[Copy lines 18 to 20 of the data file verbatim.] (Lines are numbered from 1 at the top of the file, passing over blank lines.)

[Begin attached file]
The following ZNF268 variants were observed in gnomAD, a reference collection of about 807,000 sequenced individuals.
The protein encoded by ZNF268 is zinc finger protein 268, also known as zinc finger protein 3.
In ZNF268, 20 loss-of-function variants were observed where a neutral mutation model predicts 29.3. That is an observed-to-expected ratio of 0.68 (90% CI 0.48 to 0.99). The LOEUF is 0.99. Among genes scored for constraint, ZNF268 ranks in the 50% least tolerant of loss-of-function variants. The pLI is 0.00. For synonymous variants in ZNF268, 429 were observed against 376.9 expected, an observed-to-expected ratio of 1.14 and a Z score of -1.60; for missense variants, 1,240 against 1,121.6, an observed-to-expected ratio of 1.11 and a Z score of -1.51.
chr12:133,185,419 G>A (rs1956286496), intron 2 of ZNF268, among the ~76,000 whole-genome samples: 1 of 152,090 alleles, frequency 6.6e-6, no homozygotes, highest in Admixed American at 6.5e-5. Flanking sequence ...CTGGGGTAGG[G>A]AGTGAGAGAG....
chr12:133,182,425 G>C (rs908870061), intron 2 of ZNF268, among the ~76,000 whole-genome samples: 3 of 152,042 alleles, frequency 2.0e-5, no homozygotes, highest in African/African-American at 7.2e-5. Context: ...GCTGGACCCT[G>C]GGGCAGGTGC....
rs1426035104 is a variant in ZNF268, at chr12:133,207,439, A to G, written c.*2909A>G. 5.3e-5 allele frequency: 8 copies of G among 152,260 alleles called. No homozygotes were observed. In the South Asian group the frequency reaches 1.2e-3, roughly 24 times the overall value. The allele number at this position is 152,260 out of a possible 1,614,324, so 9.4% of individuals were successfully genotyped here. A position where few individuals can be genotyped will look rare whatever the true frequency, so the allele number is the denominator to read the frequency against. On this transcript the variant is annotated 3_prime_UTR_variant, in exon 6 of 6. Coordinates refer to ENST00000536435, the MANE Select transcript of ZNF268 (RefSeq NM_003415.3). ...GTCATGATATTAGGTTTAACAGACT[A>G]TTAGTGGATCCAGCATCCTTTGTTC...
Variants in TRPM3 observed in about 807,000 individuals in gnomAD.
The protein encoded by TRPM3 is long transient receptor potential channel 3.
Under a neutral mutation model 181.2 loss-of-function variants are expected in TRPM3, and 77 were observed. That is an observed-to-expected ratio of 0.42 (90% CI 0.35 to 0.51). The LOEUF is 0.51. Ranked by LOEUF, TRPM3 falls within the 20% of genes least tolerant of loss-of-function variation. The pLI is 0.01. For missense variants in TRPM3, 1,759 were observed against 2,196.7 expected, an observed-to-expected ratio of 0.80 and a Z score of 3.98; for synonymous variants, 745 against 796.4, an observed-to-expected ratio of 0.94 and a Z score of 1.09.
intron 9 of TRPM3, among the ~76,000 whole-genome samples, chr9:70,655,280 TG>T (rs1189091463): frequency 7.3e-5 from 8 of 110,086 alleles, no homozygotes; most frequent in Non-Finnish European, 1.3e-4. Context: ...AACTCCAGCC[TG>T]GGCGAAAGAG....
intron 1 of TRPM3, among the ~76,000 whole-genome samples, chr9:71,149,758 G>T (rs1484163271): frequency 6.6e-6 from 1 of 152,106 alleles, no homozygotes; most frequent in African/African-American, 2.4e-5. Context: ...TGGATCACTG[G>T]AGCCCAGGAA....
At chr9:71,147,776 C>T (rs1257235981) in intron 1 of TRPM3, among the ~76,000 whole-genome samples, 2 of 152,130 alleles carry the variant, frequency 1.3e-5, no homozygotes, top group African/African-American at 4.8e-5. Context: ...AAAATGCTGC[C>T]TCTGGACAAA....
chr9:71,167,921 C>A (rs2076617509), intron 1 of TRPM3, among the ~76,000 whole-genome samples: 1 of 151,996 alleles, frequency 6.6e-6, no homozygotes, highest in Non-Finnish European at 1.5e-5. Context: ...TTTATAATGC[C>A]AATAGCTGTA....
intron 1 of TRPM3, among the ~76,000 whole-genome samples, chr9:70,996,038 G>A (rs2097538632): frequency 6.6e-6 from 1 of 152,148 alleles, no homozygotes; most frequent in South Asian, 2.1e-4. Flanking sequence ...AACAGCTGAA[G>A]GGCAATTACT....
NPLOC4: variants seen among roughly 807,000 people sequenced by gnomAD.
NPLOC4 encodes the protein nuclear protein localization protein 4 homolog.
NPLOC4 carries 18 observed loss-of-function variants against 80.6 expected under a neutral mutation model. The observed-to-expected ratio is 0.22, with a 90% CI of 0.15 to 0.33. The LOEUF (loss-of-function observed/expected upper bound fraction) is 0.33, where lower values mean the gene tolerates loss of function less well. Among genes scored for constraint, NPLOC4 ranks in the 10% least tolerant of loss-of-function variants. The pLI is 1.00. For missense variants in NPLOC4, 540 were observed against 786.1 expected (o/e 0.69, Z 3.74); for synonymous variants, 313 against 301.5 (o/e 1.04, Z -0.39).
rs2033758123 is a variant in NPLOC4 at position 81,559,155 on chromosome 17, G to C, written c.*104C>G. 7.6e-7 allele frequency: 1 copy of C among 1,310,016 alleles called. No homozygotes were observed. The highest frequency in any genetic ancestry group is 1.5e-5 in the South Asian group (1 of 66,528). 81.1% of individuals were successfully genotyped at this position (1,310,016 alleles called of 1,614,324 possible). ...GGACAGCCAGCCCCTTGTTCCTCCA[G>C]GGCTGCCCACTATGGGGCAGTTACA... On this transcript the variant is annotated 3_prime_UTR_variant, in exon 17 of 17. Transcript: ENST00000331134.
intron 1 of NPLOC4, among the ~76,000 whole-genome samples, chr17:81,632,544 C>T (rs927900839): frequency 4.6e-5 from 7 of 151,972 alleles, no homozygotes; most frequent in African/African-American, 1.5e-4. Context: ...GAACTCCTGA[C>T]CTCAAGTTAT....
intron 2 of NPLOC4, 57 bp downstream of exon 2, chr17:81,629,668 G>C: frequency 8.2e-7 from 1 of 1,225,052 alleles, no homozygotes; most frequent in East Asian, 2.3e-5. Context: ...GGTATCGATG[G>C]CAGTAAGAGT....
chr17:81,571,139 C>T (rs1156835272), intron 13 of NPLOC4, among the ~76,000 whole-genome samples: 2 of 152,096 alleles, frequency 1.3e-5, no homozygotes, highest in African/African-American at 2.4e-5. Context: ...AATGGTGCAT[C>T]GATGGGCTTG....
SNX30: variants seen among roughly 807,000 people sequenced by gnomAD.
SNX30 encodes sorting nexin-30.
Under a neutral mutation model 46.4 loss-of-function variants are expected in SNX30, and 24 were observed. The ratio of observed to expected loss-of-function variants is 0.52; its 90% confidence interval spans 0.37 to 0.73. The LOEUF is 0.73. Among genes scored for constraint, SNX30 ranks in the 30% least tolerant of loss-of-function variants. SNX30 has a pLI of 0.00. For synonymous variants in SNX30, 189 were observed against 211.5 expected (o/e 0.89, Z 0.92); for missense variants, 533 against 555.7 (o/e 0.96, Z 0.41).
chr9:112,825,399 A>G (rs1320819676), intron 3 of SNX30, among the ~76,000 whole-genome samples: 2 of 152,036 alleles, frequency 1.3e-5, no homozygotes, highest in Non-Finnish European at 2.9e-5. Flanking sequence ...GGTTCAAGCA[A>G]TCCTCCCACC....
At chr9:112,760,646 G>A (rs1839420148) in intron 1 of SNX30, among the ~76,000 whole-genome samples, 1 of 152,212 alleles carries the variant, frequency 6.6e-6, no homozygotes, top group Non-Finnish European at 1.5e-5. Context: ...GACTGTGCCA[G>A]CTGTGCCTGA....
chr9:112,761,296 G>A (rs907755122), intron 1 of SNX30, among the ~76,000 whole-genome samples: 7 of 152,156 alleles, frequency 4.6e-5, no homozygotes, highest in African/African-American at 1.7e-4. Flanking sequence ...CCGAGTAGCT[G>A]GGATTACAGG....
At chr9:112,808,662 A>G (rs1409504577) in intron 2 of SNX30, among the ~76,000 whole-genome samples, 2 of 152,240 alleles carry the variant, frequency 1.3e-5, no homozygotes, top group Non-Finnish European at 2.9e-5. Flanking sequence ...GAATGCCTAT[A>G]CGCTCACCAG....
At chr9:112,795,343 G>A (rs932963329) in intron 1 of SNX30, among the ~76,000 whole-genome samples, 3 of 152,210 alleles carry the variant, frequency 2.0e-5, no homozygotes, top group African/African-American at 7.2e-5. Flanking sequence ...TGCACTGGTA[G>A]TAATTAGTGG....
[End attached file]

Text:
rs2033758123 is a variant in NPLOC4 at position 81,559,155 on chromosome 17, G to C, written c.*104C>G. 7.6e-7 allele frequency: 1 copy of C among 1,310,016 alleles called. No homozygotes were observed. The highest frequency in any genetic ancestry group is 1.5e-5 in the South Asian group (1 of 66,528). 81.1% of individuals were successfully genotyped at this position (1,310,016 alleles called of 1,614,324 possible). ...GGACAGCCAGCCCCTTGTTCCTCCA[G>C]GGCTGCCCACTATGGGGCAGTTACA... On this transcript the variant is annotated 3_prime_UTR_variant, in exon 17 of 17. Transcript: ENST00000331134.
intron 1 of NPLOC4, among the ~76,000 whole-genome samples, chr17:81,632,544 C>T (rs927900839): frequency 4.6e-5 from 7 of 151,972 alleles, no homozygotes; most frequent in African/African-American, 1.5e-4. Context: ...GAACTCCTGA[C>T]CTCAAGTTAT....
intron 2 of NPLOC4, 57 bp downstream of exon 2, chr17:81,629,668 G>C: frequency 8.2e-7 from 1 of 1,225,052 alleles, no homozygotes; most frequent in East Asian, 2.3e-5. Context: ...GGTATCGATG[G>C]CAGTAAGAGT....